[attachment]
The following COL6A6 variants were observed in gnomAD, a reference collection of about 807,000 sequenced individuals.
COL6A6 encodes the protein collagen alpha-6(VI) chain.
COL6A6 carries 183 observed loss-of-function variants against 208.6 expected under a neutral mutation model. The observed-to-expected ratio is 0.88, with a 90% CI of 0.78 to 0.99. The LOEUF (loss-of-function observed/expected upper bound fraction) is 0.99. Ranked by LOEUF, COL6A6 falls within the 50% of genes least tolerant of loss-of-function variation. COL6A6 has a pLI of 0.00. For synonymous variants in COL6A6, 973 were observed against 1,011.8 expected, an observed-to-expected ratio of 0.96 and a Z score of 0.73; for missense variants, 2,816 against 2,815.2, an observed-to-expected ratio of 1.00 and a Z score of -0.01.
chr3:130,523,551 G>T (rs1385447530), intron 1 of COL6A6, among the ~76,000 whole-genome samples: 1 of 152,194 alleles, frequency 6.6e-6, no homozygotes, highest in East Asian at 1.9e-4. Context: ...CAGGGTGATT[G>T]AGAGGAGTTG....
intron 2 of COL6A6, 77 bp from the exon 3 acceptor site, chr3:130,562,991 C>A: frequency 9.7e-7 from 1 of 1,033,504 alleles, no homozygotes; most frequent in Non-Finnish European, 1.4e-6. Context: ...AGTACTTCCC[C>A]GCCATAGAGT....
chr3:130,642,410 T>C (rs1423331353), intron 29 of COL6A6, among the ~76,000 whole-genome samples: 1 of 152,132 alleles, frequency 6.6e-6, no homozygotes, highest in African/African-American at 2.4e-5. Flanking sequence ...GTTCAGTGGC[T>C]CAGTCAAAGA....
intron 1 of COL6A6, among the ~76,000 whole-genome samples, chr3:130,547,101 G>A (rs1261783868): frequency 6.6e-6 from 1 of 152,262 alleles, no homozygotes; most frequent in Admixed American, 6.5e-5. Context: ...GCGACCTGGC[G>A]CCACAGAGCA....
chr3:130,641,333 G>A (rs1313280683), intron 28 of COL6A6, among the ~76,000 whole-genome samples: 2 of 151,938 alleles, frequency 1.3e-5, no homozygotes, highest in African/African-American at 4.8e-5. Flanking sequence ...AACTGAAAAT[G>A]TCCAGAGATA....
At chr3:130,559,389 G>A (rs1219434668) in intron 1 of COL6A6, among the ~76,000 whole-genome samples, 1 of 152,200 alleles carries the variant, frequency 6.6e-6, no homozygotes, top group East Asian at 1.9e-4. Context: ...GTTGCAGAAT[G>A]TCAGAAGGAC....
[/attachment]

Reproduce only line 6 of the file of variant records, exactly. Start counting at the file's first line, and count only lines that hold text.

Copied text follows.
chr3:130,642,410 T>C (rs1423331353), intron 29 of COL6A6, among the ~76,000 whole-genome samples: 1 of 152,132 alleles, frequency 6.6e-6, no homozygotes, highest in African/African-American at 2.4e-5. Flanking sequence ...GTTCAGTGGC[T>C]CAGTCAAAGA....